What’s so tough about movie No. 2?

Quicksilver was awesome, briefly ... all too briefly.

Quicksilver was awesome, briefly – all too briefly – in “Days of Future Past.”

Unwieldy. Slow. And worst of all, boring.

I was really looking forward to Days of Future Past. I thought the X-Men relaunch was terrific, the mix of actors, going back to the 1960s. It was note perfect, a way to keep the familiar characters of the previous three X-Men films while charting a new course for the re-launch.

I felt the same way about The Incredible Spider-Man. The movie wasn’t quite as awesome as the X-Men relaunch, but the Andrew Garfield-Emma Stone chemistry was terrific, and the film really set itself apart from the disappointing/overrated Sam Raimi trilogy.

Then I watched the second movie in each of these series. This was the question in my mind the entire time I viewed both: What the hell happened?

With The Incredible Spider-Man 2, some of it was greed. They tried to jam too much in, mostly hoping to set up a Sinister Six spin-off. Apparently movie execs have short memories, forgetting that too many villains didn’t work in Spider-Man 3 and contributed to the need to reboot the franchise in the first place. Plus, the whole Peter probing into his parents past thing dragged … actually, I’m not even sure “dragged” is harsh enough to describe how slow and dull that slog was. A great ending tied it all together, but it wasn’t enough to save the film.

Watching X-Men: Days of Future Past last night, all I could wonder was “why”? Why is there a need to tie the new franchise to the old? To me, that was the brilliance of the re-boot. If the franchise just stayed in the 1960s and 1970s, that would have been a lot of fun. But I’m not sure why anyone behind the film thought that everything had to be tied together from the two different eras. We were introduced to a number of characters – Bishop and Blink, to name two – who we didn’t get to know at all, just flat, cardboard mutant soldiers to feed to the Sentinels. Then a great character is introduced – Quicksilver – who subsequently disappears for the latter two-thirds of the movie. We get Kitty Pride spending the entire movie with her hands on either side of Wolverine’s temple, plus Iceman, Professor X and Magneto standing there watching her do it. Plus, the interplay of Charles, Erik and Raven – which was the centering relationship in the first film – is portrayed as fractured but in reality is nearly non-existent in the sequel. Days of Future Past somehow managed to accomplish the feat of doing way too much while not accomplishing nearly enough.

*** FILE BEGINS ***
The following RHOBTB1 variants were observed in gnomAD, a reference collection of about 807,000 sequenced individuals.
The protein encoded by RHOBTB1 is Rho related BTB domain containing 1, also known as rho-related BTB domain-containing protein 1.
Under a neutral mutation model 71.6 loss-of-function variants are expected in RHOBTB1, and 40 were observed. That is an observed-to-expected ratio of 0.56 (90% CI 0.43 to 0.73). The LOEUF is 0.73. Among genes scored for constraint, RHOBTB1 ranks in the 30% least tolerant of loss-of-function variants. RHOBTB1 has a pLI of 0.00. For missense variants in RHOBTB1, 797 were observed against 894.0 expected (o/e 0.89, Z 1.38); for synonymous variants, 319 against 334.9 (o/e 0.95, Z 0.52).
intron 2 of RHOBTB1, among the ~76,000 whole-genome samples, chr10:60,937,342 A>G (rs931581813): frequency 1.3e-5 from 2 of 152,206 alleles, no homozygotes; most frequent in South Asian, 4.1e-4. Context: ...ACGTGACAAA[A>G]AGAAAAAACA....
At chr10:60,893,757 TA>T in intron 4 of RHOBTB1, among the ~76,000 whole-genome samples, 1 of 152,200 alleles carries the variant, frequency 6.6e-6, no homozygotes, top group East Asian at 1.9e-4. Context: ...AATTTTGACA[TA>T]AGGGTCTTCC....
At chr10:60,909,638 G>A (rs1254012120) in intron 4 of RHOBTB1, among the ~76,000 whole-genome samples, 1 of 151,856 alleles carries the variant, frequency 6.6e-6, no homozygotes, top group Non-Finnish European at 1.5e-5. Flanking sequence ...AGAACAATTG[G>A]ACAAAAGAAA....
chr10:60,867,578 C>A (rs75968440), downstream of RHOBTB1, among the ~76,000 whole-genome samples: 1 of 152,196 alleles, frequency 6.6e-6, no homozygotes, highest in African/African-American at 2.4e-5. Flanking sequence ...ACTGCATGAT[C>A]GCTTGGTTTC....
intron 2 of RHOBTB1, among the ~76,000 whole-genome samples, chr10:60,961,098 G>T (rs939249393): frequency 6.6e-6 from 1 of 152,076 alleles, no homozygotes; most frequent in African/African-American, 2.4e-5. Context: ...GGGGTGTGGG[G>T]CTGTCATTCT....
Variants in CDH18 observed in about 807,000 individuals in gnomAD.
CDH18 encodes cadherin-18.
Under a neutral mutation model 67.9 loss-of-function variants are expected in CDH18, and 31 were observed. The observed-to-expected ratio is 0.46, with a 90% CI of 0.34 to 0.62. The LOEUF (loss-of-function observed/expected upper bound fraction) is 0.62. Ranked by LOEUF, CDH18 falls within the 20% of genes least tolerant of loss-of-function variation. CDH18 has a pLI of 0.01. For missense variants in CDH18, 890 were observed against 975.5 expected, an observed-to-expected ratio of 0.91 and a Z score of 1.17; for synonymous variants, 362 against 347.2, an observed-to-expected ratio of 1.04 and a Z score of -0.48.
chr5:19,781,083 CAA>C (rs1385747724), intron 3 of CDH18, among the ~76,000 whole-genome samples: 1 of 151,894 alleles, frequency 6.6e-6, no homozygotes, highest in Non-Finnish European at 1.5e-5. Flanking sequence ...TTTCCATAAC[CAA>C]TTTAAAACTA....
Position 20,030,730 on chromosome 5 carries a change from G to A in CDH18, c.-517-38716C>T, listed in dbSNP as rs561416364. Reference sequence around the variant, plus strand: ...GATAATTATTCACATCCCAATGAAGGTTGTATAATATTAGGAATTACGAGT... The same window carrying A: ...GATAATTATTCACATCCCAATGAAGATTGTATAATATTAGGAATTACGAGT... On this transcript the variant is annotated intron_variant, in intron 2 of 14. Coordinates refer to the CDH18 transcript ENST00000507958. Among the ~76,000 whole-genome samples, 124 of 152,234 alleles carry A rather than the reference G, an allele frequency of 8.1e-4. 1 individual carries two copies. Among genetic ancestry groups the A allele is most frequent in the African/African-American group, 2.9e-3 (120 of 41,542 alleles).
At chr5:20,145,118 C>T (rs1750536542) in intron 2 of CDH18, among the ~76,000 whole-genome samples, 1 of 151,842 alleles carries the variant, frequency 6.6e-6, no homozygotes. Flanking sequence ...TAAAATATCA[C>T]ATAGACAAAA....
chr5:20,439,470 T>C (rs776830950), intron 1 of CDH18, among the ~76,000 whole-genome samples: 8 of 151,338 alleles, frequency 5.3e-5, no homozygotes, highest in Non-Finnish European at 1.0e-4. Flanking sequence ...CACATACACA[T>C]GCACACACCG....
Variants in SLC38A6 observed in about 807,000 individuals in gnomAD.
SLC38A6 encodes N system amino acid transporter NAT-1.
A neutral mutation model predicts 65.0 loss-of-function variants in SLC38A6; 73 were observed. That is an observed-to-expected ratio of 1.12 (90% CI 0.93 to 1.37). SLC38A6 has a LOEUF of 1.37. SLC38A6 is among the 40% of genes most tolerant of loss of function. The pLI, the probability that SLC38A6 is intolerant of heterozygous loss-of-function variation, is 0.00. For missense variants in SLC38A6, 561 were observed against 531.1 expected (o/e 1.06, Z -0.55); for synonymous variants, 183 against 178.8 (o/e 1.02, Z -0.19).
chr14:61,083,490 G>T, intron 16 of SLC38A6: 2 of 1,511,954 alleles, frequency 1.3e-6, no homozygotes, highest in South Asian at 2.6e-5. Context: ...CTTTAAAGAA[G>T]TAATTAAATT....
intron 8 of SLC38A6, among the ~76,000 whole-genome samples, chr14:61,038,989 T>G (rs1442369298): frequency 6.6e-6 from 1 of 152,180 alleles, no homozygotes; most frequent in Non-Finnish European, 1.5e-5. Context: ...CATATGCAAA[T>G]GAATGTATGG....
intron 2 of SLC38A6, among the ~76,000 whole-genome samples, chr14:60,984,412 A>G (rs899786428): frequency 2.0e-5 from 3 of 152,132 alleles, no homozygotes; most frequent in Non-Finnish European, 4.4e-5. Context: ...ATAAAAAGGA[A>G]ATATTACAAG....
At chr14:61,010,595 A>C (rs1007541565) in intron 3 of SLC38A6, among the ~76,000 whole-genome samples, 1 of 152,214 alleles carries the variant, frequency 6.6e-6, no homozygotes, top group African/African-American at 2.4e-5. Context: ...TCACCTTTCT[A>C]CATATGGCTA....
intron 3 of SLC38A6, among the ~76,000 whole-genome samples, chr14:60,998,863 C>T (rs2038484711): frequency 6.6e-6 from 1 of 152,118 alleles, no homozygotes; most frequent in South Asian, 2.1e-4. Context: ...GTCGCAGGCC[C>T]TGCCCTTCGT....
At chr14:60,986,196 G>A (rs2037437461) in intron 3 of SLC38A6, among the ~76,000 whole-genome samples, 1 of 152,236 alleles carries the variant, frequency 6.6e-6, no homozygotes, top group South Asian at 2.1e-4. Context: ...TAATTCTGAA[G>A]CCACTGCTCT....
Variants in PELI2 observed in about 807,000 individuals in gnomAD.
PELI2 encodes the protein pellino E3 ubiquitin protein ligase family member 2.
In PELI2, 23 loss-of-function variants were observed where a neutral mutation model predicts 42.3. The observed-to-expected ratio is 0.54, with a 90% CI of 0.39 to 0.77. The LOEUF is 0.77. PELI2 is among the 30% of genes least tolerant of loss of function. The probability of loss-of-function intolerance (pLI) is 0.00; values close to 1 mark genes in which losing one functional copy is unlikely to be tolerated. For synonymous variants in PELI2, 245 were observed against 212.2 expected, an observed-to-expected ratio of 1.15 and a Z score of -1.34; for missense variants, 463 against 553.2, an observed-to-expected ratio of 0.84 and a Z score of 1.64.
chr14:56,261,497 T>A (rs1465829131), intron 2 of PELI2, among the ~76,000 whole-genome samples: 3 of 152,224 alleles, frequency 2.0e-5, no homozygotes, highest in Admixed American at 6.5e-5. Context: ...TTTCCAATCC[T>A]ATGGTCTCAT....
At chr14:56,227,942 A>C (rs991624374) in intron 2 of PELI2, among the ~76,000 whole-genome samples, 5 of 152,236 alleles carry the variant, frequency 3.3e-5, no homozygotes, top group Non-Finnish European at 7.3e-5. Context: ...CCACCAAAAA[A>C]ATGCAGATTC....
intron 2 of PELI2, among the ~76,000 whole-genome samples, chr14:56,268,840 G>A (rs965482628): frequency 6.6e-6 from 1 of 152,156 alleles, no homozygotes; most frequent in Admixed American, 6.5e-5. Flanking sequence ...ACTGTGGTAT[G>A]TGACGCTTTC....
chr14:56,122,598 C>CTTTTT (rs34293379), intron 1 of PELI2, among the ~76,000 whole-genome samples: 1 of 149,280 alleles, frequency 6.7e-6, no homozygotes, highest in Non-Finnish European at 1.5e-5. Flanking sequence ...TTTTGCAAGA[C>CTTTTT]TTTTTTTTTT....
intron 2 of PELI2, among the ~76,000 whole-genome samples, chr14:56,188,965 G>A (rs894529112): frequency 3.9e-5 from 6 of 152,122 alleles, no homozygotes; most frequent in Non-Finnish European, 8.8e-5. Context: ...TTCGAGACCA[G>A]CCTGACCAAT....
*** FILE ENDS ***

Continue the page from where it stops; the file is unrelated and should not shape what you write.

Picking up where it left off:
This isn’t just to pick on these two movies. The Matrix, The Hangover, Dumb and Dumber, Jaws … the list of overwhelming follow-ups is overwhelming. It’s not that it can’t be done – Empire Strikes Back, The Dark Knight and Halloween II, to name a few – but that second film is the true creative test, and too many flunk. Can you extend this story? Is there enough there to merit moving ahead? How can you challenge familiar characters in new ways? Maybe I’m naive to think any of this matters when compared to the profit motive of the companies financing the films, but it should matter. A good story doesn’t just make for a quality film, it also sells. A bad story sells some, but it damages the opportunities down the road.

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One thought on “What’s so tough about movie No. 2?

  1. swanpride says:

    It’s the Amazing Spider-man…you tagged it correctly, why did you write it wrong in the article?

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